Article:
Date of Award:
Master of Science (MS)
Environment and Society
Department name when degree awarded
Geography and Earth Resources
R. Douglas Ramsey
R. Douglas Ramsey
Detecting changes in land cover through time using remotely sensed imagery is a powerful application that has seen increased use as imagery has become more widely available and inexpensive. Before a time series of remotely sensed imagery can be used for change detection, images must first be standardized for effects outside of real surface change. This thesis established a validation protocol to evaluate the effectiveness of an automated technique for normalizing temporally separate but spatially coincident imagery. Using the concept of pseudo-invariant features between master-slave image pairs, spatially coincident dark and bright points are identified from images and a regression equation is calculated to normalize slave images to a master. I used two sets of imagery to test the performance of the standardization process, a spatially coincident, but temporally variable time series, and spatially and temporally variable images. I tested the underlying statistical assumptions of this approach, and performed simple image subtraction to validate the reduction of master-slave differences using invariant locations. In addition I tested the possibility of reducing between-sensor differences by applying simple linear regression to comparable bands of MSS and TM sensors.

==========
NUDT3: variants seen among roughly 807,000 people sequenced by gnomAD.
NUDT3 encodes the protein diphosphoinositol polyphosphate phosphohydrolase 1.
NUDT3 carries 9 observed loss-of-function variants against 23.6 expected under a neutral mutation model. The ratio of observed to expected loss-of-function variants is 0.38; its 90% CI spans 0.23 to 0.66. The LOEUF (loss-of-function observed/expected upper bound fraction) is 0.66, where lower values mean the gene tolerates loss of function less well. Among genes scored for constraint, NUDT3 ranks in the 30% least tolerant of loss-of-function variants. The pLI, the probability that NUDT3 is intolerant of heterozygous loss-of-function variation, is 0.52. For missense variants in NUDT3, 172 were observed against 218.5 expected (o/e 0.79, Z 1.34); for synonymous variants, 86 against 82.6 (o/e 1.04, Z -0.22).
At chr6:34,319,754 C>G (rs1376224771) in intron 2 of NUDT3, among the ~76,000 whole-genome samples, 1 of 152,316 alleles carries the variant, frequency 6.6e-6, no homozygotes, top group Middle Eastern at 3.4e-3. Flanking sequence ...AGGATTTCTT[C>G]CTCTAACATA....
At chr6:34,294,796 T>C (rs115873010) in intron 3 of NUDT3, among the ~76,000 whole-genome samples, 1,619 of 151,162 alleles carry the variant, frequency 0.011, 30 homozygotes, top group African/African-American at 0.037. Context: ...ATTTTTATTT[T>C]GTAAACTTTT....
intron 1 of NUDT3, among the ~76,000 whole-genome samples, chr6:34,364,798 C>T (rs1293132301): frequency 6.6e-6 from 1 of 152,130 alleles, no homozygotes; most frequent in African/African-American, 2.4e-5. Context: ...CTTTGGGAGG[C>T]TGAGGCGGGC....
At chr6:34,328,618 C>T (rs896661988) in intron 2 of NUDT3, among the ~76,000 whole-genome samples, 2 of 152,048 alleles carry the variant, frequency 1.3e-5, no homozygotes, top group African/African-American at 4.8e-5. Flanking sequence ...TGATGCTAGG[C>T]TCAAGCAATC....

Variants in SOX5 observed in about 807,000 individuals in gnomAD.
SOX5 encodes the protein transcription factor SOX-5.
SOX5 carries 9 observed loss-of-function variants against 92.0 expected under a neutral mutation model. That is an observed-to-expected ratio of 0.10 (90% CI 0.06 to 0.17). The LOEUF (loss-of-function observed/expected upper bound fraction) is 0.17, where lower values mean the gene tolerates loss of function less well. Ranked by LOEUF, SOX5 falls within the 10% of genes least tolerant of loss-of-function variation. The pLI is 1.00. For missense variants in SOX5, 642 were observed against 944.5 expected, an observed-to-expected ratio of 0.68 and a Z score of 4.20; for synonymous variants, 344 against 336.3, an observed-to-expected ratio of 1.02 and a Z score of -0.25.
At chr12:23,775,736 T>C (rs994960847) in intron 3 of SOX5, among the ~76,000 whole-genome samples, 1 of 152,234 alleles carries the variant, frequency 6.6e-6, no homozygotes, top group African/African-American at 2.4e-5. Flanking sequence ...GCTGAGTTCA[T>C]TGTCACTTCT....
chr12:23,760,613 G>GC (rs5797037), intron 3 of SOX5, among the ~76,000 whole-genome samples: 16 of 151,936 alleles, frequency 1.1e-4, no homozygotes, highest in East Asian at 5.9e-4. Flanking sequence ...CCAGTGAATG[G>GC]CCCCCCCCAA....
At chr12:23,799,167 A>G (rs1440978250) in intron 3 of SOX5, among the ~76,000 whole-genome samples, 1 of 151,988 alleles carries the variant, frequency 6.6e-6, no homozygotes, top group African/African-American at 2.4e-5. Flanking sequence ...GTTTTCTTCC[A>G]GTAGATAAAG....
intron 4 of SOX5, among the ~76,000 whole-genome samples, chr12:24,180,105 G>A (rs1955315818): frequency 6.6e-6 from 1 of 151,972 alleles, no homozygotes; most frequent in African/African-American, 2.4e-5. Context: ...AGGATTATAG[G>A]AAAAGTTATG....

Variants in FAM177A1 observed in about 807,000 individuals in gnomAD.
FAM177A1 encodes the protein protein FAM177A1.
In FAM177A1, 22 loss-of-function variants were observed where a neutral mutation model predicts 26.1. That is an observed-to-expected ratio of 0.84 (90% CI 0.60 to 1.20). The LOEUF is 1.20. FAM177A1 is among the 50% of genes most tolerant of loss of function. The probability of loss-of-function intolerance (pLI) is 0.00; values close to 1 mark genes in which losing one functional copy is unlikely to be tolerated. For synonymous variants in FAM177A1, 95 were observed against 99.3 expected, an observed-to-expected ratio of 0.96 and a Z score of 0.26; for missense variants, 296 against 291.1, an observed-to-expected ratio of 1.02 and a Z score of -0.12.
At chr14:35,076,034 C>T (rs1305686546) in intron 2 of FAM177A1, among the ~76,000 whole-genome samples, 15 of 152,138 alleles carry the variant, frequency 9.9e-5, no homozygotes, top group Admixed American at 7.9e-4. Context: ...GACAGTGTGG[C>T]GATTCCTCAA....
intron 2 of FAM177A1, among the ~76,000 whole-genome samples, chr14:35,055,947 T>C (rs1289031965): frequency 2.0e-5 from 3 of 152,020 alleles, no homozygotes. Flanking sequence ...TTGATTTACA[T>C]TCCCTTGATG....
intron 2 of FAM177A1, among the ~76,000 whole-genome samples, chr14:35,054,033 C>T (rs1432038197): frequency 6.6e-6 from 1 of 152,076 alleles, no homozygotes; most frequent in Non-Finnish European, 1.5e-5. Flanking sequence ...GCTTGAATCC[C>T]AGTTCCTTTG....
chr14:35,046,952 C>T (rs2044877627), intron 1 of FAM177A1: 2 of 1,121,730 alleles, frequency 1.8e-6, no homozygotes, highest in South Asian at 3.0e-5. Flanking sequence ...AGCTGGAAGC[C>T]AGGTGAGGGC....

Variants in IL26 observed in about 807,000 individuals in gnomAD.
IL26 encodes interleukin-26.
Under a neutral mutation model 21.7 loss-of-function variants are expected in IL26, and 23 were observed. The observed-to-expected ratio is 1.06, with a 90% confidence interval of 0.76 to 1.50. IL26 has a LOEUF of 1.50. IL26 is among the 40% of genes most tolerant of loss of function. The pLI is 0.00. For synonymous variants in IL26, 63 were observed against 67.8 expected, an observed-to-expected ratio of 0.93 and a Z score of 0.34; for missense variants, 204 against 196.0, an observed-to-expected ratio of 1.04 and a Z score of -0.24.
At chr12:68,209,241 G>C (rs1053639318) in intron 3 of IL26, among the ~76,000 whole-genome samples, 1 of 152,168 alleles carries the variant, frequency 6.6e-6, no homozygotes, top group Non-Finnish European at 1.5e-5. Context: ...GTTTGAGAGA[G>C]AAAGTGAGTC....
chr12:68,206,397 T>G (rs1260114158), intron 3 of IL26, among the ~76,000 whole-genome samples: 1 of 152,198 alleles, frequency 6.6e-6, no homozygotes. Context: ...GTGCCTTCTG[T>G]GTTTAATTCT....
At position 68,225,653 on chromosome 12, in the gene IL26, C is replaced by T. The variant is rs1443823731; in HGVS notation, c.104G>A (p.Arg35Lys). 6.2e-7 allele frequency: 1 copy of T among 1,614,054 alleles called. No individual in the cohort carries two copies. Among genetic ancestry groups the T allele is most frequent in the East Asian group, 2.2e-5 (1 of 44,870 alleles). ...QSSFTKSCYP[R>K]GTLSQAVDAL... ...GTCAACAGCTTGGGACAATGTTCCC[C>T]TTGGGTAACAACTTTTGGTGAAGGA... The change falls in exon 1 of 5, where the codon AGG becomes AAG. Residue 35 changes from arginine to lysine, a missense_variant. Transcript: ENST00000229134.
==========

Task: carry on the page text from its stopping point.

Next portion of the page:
Image subtraction showed decreases in master-slave differences as a result of the standardization process, and the process behaved appropriately when there should be no difference between master and slave images (adjacent, but temporally identical imagery). I also found that comparable bands between MSS and TM sensors are similar enough that linear regression may not significantly reduce between-sensor differences.
Callahan, Karin E., "Validation of a Radiometric Normalization Procedure for Satellite-Derived Imagery Within a Change Detection Framework" (2003). All Graduate Theses and Dissertations, Spring 1920 to Summer 2023. 6599.
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